And you can take your SUV to the bank on that one.

About the author

Jonathan Merritt

Jonathan Merritt is senior columnist for Religion News Service and a contributing writer for The Atlantic. He has published more than 2500 articles in outlets like USA Today, The Week, Buzzfeed and National Journal. Jonathan is author of "Jesus is Better Than You Imagined" and "A Faith of Our Own: Following Jesus Beyond the Culture Wars." He resides in Brooklyn, NY.


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  • Jonathan, nice job with bringing the true scriptural application to Mr. Driscoll’s comment. The other thing that came to my mind is that when he says he’s not concerned with caring for the environment and will use it as he likes, he’s taking more than his share of the resources God gave this world. As you just saw in Malawi, thereare real people on the other side of that decision.


    P.S. This post isn’t my usual topic, but I had to speak up about Mr. Driscoll’s sermon statement about studying God’s word

  • Thanks Jonathan. I appreciate how when you offer a critique it is always gracious. There is too much yelling back and forth and not enough talking within the church. Thanks for being a thoughtful and confident voice in the church that presses us to think more about what the Gospel is about.

  • Good words Jonathan. My problem isn’t really with Driscoll or Robertson. I can basically ignore them as they speak without thinking and mis-represent Christ and the church so frequently.

    The real problem is that there seems to always be such a strong group that follows their every world. Not everyone walked out at Catalyst. Some tweeted in appreciation for what he said.

    And that happens every time he says inappropriate things. When he asked people to ‘out’ worship ministers that they thought might be gay, there were hundreds of comments on he facebook page before his Elders stepped in and asked him to take down the facebook post.

    I am not a fan to Christians that are trying to patrol everyone’s beliefs. But some people seem to revel in the inane and inappropriate comment. And that speaks a lot about their faith and the faith of those that follow him.

    The whole thing just makes me sad.

  • Hey Jonathan,

    I have to admit, I’m a little surprised by this article. I’ve always found your voice to be a refreshing one in the cacophony that is the christian media/blogosphere. First let me say I attended the Catalyst conference in question and was equally taken aback at the theological implications of what Driscoll said about everything burning up—but that’s another post another time. The benefit of being there was hearing the context in which he spoke it, so it’s fairly easy to get our panties out of a twist in the realization that nobody really believes SUVs will be here forever and ever amen. In the meantime, he needs a way to get his kids to soccer practice. It was a joke. Get over it.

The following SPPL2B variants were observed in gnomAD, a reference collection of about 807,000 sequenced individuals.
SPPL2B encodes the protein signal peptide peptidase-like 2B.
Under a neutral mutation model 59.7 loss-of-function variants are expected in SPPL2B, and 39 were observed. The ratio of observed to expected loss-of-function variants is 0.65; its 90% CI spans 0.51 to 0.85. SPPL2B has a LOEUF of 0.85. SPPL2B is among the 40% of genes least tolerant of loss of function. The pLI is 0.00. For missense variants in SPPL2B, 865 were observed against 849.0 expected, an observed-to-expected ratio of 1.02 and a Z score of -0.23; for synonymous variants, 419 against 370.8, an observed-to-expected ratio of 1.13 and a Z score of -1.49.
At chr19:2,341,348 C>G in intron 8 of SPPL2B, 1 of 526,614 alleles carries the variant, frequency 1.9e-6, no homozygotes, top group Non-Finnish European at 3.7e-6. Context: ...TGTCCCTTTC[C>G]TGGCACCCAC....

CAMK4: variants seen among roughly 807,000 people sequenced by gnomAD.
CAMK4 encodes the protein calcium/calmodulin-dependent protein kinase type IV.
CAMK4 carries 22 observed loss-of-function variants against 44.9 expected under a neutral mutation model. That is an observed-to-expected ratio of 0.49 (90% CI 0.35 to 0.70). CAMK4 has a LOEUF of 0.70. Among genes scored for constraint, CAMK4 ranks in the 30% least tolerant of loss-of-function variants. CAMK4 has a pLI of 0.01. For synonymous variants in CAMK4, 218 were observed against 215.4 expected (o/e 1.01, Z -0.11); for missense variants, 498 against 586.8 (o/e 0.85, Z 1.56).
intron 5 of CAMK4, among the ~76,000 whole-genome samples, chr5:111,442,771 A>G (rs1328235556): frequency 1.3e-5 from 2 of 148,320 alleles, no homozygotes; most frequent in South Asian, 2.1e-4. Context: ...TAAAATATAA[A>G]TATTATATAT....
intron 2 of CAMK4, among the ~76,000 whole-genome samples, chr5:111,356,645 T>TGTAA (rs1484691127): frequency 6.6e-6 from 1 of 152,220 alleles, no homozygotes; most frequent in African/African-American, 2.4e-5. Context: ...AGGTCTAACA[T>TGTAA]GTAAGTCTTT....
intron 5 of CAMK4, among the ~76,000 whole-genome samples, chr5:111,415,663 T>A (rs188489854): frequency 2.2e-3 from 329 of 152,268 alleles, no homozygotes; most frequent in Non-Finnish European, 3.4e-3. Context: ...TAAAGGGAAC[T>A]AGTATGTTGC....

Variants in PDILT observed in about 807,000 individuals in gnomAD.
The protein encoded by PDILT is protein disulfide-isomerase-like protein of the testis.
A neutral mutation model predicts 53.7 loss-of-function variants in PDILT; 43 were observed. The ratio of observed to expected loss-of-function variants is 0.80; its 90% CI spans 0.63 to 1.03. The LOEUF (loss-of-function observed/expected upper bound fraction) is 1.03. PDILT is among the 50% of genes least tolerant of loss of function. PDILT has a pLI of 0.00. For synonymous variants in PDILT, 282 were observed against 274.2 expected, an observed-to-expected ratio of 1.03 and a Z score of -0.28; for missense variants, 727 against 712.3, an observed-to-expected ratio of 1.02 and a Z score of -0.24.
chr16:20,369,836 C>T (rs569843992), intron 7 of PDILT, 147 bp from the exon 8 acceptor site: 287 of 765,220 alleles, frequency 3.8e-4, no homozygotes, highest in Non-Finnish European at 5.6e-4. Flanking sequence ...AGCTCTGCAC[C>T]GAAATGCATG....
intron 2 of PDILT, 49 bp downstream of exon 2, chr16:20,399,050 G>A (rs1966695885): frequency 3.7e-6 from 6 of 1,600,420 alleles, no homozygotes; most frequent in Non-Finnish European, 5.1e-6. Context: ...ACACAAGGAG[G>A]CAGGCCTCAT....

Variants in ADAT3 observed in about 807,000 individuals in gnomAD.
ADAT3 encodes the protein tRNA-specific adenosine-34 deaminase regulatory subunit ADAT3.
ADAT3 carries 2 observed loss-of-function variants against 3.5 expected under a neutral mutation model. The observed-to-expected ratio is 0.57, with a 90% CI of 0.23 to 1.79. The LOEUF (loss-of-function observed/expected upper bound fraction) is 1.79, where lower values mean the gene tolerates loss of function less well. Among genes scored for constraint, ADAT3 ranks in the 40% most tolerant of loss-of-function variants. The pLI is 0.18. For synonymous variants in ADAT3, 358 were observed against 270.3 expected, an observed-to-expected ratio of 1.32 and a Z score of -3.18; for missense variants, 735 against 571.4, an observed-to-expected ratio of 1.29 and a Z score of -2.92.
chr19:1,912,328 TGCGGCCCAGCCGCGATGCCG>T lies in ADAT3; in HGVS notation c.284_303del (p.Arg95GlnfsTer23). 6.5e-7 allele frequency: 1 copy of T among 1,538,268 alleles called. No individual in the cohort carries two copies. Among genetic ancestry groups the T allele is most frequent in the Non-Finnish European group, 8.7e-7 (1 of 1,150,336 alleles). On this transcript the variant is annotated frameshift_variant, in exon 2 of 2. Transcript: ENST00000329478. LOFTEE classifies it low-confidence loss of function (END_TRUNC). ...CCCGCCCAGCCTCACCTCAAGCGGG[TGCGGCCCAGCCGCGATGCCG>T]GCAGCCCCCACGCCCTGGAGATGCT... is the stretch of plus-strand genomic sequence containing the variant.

I’m disappointed in this piece mostly because it’s simply not good journalism—which is what I’ve come to expect from you. It’s fairly one-sided, and nearly everything you linked to was in some way defaming. I’m not defending Driscoll (I’ve written plenty on why our obsession with Driscoll (and the whole celebrity pastor culture) is damaging to the Church), but I am concerned that this piece simply adds fuel to a fire that will burn itself out if we simply let it alone. There are some hills to die on, but Mark Driscoll’s mouth is not one of them. A mouth like that can do a lot of trouble, true, but it can also do a lot of good. Show me another pastor who’s been at the helm of a church-planting network growing as voraciously as Acts 29, but who isn’t a little radically rough around the edges? Pat Robertson may have done a lot of damage to the Church, but I believe we call that a refining fire, separating the dross. It was men like Robertson who pushed theologians in the past 20+ years to tighten up their theology and presentation. So, in a way, we’re grateful for men like that because they help produce for us better theologians.

    Until then, time is short, God is building his kingdom and it is at hand. It’s going to take more than angry bloggers and rampant twitterers with a collective grudge to see heaven brought to earth. I may disagree with his tactics and some of his theology, but just once I’d like to hear someone talk about what has been accomplished through the ministry at Mars Hill.

    The rest of that talk at Catalyst, by the way? Spot on. Solid. One of the clearest teachings on identity and calling I’ve heard in a long time.

  • There is too much good to be done and too many people to love to be trapped in Driscoll’s lack of humility, unbiblical view of women, and extremely distorted and uneducated view of current events. When leaders turn their opinion into the pulpit, nobody benefits, and in this case, hundreds of thousands suffer. I, like Adam, am not a fan of Christians who try to patrol everyone’s beliefs. I believe that some people do seem to revel in the inane and inappropriate comment because it justifies their behavior of marginalization, comparison, and lack of graciousness. And agree that it speaks a lot about their faith and the faith of those that follow him. While I wouldn’t be comfortable being a part of such a dogmatic environment, I have a hard time with Christian leaders who do not display foundational Christ-like behaviors. We would do better to live in simple obedience rather than explicating and manufacturing a distorted view of the simplest message ever told. The lack of focus on reconciliation and proud nature of defiance towards stewardship grieves me.